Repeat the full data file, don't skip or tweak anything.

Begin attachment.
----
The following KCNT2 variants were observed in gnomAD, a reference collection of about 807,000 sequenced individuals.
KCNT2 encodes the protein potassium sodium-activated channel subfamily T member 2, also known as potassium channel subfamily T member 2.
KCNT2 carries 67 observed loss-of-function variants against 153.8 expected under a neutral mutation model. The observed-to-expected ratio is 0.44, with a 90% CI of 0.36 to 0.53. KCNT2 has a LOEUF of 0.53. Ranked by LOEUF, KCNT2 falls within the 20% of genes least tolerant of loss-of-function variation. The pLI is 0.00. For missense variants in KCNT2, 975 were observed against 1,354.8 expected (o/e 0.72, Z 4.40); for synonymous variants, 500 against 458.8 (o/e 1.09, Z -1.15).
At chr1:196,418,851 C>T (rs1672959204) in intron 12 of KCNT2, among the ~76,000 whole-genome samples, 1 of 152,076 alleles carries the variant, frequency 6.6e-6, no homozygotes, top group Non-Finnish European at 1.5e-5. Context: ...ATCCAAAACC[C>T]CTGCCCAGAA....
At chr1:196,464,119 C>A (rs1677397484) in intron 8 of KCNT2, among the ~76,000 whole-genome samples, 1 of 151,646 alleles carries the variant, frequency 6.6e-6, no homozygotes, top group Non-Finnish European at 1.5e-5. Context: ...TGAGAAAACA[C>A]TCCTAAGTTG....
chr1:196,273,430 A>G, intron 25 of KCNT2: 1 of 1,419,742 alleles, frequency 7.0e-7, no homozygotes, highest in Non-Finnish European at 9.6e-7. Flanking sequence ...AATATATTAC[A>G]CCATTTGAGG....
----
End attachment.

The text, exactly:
The following KCNT2 variants were observed in gnomAD, a reference collection of about 807,000 sequenced individuals.
KCNT2 encodes the protein potassium sodium-activated channel subfamily T member 2, also known as potassium channel subfamily T member 2.
KCNT2 carries 67 observed loss-of-function variants against 153.8 expected under a neutral mutation model. The observed-to-expected ratio is 0.44, with a 90% CI of 0.36 to 0.53. KCNT2 has a LOEUF of 0.53. Ranked by LOEUF, KCNT2 falls within the 20% of genes least tolerant of loss-of-function variation. The pLI is 0.00. For missense variants in KCNT2, 975 were observed against 1,354.8 expected (o/e 0.72, Z 4.40); for synonymous variants, 500 against 458.8 (o/e 1.09, Z -1.15).
At chr1:196,418,851 C>T (rs1672959204) in intron 12 of KCNT2, among the ~76,000 whole-genome samples, 1 of 152,076 alleles carries the variant, frequency 6.6e-6, no homozygotes, top group Non-Finnish European at 1.5e-5. Context: ...ATCCAAAACC[C>T]CTGCCCAGAA....
At chr1:196,464,119 C>A (rs1677397484) in intron 8 of KCNT2, among the ~76,000 whole-genome samples, 1 of 151,646 alleles carries the variant, frequency 6.6e-6, no homozygotes, top group Non-Finnish European at 1.5e-5. Context: ...TGAGAAAACA[C>A]TCCTAAGTTG....
chr1:196,273,430 A>G, intron 25 of KCNT2: 1 of 1,419,742 alleles, frequency 7.0e-7, no homozygotes, highest in Non-Finnish European at 9.6e-7. Flanking sequence ...AATATATTAC[A>G]CCATTTGAGG....